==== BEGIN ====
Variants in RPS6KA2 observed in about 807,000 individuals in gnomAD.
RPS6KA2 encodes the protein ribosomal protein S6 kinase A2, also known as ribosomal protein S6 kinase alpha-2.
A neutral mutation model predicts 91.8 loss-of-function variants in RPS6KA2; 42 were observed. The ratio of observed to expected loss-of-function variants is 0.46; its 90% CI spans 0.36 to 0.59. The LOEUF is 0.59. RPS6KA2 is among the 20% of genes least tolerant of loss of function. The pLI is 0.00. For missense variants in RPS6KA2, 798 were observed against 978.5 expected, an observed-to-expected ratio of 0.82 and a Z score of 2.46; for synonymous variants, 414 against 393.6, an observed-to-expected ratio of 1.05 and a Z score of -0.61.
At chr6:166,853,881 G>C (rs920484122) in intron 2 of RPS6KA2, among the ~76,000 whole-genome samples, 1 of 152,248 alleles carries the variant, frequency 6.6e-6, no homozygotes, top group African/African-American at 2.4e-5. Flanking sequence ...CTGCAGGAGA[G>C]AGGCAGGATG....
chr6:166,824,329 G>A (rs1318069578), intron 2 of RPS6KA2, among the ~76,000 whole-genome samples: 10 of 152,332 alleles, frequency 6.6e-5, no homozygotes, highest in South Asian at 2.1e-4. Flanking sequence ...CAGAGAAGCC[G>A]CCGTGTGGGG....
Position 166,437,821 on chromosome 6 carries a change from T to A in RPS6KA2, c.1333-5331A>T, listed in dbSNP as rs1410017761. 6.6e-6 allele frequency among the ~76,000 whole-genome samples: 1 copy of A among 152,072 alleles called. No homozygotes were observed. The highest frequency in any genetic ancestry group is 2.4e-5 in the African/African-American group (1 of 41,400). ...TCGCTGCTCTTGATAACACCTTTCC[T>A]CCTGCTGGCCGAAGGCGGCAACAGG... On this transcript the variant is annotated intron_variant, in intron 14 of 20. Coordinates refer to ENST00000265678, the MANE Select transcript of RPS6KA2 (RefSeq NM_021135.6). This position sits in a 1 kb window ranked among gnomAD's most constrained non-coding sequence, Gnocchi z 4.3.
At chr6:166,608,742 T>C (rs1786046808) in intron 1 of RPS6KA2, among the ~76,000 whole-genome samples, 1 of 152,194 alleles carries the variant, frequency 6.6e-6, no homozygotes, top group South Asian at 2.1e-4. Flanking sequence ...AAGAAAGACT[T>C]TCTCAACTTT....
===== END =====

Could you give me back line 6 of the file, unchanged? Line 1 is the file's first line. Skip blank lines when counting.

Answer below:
Position 166,437,821 on chromosome 6 carries a change from T to A in RPS6KA2, c.1333-5331A>T, listed in dbSNP as rs1410017761. 6.6e-6 allele frequency among the ~76,000 whole-genome samples: 1 copy of A among 152,072 alleles called. No homozygotes were observed. The highest frequency in any genetic ancestry group is 2.4e-5 in the African/African-American group (1 of 41,400). ...TCGCTGCTCTTGATAACACCTTTCC[T>A]CCTGCTGGCCGAAGGCGGCAACAGG... On this transcript the variant is annotated intron_variant, in intron 14 of 20. Coordinates refer to ENST00000265678, the MANE Select transcript of RPS6KA2 (RefSeq NM_021135.6). This position sits in a 1 kb window ranked among gnomAD's most constrained non-coding sequence, Gnocchi z 4.3.